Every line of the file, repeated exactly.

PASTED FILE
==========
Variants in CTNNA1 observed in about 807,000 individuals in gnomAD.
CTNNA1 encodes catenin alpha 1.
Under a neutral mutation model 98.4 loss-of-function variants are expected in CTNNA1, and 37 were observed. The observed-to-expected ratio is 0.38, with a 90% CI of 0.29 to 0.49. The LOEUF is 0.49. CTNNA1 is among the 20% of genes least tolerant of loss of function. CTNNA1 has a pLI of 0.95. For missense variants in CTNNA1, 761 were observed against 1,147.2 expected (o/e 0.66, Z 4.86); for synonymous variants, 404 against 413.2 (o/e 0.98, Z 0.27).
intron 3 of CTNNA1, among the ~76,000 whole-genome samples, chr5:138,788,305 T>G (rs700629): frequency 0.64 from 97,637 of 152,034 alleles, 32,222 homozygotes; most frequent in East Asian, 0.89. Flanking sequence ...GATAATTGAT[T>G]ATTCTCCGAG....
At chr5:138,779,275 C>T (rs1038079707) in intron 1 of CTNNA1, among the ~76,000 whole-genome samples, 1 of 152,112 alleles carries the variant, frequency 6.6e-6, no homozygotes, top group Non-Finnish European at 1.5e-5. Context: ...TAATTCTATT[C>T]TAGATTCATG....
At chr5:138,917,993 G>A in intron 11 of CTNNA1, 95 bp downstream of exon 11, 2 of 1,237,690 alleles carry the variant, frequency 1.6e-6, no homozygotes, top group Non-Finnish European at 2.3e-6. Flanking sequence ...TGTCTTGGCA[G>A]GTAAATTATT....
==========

Variants in CTNNA1 observed in about 807,000 individuals in gnomAD.
CTNNA1 encodes catenin alpha 1.
Under a neutral mutation model 98.4 loss-of-function variants are expected in CTNNA1, and 37 were observed. The observed-to-expected ratio is 0.38, with a 90% CI of 0.29 to 0.49. The LOEUF is 0.49. CTNNA1 is among the 20% of genes least tolerant of loss of function. CTNNA1 has a pLI of 0.95. For missense variants in CTNNA1, 761 were observed against 1,147.2 expected (o/e 0.66, Z 4.86); for synonymous variants, 404 against 413.2 (o/e 0.98, Z 0.27).
intron 3 of CTNNA1, among the ~76,000 whole-genome samples, chr5:138,788,305 T>G (rs700629): frequency 0.64 from 97,637 of 152,034 alleles, 32,222 homozygotes; most frequent in East Asian, 0.89. Flanking sequence ...GATAATTGAT[T>G]ATTCTCCGAG....
At chr5:138,779,275 C>T (rs1038079707) in intron 1 of CTNNA1, among the ~76,000 whole-genome samples, 1 of 152,112 alleles carries the variant, frequency 6.6e-6, no homozygotes, top group Non-Finnish European at 1.5e-5. Context: ...TAATTCTATT[C>T]TAGATTCATG....
At chr5:138,917,993 G>A in intron 11 of CTNNA1, 95 bp downstream of exon 11, 2 of 1,237,690 alleles carry the variant, frequency 1.6e-6, no homozygotes, top group Non-Finnish European at 2.3e-6. Flanking sequence ...TGTCTTGGCA[G>A]GTAAATTATT....